In Bomb Power, Gary Wills argued that the federal sponsorship of nuclear weapons had a host of less-than-intended institutional repercussions that have persisted through the post-9/11 era. The executive branch and its allied intelligence agencies accrued power, and government “secrecy” in the name (but not for the purpose of) security became ubiquitous. Whether the Bomb was central to these developments is up for argument, but it is useful to remind ourselves that the American state is not remade each time a new president is elected. (Glenn Beck and his fellow conspiracy theorists recognize this when they cast a pox on all post-Progressive Era government.)

For instance: the Central Intelligence Agency. Created in the years after the Second World War as the foreign spy agency successor to the Office of Strategic Service, the CIA has recently undergone a transformation into a “paramilitary” force at the forefront of counterterrorism operations, according to the Washington Post. The global “war” fought against an extremist Islamist network spawned two fairly traditional wars. It has also led to the dissolution of the boundary between the military, which is supposed to be under democratic control (although for the last sixty years it’s often been sent to fight without congressional approval), and intelligence operations, which never have been. Leon Panetta moved from his directorship of the CIA to a cabinet seat as Secretary of Defense, while former general David Petraeus has taken Panetta’s spot at the spy agency. A senior official said to the Post reporters, following a junket to Afghanistan, “You couldn’t tell the difference between CIA officers, Special Forces guys and contractors….They’re all three blended together. All under the command of the CIA.”

This transformation, accomplished without public debate, and other developments in the security state—like the wiretap program whose full scope remains unknown, or the increased reliance on contractors with minimal oversight, or the worst aspects of the recently renewed PATRIOT Act surveillance provisions—do not worry those who believe that they all serve the preservation of liberal democracy, and that the days of COINTELPRO are behind us. In some cases, as with the Obama-era crackdown on whistleblowers like former NSA official Thomas Drake, such a sanguine position regarding the machinations of obscure sectors of the federal government is clearly wrongheaded. But the more general point is that while some of what we don’t know can’t hurt us, some of it can, even if not most of us, or not immediately. And in the last ten years, the arsenal of government techniques for waging war and surveilling the global populace has greatly expanded, with few prospects for reversals.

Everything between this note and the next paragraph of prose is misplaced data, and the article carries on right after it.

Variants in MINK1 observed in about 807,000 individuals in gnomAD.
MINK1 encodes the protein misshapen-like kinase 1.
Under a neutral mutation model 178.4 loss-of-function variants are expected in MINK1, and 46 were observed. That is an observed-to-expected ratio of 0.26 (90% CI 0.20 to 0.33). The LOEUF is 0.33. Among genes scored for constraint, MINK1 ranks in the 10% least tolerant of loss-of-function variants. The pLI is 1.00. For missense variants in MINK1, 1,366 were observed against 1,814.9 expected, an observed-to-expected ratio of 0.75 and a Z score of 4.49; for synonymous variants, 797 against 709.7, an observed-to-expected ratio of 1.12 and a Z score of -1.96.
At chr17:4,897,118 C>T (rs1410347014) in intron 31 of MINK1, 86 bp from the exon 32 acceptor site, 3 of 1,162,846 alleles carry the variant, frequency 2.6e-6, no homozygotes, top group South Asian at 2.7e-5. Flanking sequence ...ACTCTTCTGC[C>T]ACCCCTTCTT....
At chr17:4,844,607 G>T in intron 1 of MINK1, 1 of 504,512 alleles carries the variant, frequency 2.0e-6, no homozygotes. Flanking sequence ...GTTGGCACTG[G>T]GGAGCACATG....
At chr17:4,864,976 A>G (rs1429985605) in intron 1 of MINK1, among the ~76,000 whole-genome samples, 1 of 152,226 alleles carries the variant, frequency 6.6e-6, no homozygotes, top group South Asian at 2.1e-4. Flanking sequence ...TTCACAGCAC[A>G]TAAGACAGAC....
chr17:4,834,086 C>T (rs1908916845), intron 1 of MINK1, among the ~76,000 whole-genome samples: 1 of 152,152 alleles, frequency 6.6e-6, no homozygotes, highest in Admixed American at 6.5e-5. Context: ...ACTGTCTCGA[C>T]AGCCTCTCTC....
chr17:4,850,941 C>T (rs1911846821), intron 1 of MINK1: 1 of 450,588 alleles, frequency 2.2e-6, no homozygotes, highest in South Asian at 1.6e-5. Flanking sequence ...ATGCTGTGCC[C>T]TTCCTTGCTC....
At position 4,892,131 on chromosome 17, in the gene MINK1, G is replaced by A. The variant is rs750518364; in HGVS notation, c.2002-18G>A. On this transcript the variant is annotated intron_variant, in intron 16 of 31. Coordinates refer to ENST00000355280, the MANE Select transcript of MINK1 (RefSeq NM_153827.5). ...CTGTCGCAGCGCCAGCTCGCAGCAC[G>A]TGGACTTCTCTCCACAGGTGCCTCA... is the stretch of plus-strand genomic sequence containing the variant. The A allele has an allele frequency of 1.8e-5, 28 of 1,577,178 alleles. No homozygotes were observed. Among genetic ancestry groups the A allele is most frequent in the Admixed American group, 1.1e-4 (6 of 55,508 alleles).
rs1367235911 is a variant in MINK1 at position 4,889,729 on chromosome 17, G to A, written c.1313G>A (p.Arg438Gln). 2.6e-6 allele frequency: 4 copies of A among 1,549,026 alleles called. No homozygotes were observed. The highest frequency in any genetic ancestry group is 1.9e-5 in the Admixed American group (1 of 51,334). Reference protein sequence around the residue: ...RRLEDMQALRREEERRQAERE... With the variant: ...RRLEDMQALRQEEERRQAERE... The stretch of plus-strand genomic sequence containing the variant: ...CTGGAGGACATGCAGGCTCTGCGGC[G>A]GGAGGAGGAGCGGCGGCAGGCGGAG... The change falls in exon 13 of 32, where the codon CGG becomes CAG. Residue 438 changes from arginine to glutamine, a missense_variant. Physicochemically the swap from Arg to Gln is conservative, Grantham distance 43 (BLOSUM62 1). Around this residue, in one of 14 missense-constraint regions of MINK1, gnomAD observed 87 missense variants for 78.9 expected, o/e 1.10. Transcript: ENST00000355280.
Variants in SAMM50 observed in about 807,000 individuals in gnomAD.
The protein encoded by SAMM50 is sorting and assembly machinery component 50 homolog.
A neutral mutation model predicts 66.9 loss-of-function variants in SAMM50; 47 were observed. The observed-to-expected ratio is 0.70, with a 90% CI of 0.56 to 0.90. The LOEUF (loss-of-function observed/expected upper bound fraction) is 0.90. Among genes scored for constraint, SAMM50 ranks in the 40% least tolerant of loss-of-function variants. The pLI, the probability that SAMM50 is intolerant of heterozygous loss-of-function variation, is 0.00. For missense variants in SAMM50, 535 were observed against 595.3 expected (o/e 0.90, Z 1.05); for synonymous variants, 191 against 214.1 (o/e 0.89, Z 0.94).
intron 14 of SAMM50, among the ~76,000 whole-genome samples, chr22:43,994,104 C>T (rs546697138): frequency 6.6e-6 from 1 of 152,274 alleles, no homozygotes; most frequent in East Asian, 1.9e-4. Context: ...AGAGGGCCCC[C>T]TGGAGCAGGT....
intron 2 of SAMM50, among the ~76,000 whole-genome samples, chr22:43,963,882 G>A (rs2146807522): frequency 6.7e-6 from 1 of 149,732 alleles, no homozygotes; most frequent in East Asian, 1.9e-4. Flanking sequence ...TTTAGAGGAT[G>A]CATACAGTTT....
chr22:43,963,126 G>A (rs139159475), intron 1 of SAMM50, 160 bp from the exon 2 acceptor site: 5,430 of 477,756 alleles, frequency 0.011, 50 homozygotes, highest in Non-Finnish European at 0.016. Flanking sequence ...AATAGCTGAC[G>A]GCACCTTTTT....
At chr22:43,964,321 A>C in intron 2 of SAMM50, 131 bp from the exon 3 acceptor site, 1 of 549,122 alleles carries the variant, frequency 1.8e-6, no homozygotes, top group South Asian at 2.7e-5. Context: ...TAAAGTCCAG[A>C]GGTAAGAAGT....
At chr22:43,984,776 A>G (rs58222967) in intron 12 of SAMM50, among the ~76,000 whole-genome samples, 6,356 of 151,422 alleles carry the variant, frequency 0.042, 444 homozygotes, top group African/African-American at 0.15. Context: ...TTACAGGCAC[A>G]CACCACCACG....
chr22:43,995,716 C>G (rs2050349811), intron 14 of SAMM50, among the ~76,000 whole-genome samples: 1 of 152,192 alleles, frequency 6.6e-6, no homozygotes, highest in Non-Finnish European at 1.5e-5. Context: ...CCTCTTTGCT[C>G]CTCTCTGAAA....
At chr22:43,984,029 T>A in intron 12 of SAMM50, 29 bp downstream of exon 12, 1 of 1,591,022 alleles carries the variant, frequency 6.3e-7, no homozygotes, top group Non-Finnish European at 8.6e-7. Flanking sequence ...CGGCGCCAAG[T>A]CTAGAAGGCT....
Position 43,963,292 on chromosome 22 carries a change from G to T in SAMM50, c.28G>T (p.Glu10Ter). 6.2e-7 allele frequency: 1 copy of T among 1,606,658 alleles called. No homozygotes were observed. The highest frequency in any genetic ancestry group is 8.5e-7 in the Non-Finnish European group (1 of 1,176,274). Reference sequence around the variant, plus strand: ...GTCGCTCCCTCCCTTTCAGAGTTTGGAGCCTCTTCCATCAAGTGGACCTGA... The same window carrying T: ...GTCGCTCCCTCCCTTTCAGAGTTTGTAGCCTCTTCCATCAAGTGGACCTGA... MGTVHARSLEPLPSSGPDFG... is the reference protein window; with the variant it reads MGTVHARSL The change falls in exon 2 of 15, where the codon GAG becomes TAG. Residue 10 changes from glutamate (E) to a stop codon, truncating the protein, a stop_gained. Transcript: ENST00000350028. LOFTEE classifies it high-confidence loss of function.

The ideals of open government, of a public and legislative approach to security and to war, and of the unjust persecution of even a small number as the persecution of us all, can only spur so many. For a brief time, when he took office, Obama appeared to be one with these ideals: he abolished official torture and closed CIA prisons abroad. But he quickly gave up on shutting down Guantánamo and has embraced the permanent suspension of habeas corpus, an official policy of assassination, and the continued use of extraordinary rendition.

The national security state, grown alongside our wars declared and not, is not an election issue. A Beltway consensus has emerged in favor of preserving its new tricks, and there’s no doubt that a new Republican president would have fewer scruples about legality than the current president does. If a critical mass of citizens is to get interested enough in standing up to the worst aspects of the new security apparatus, it will be because its abuses have become unbearable, and the memories of that horrific day ten years ago have diminished. We’re not there yet. The critique lies in wait.

Nick Serpe is the online editor of Dissent.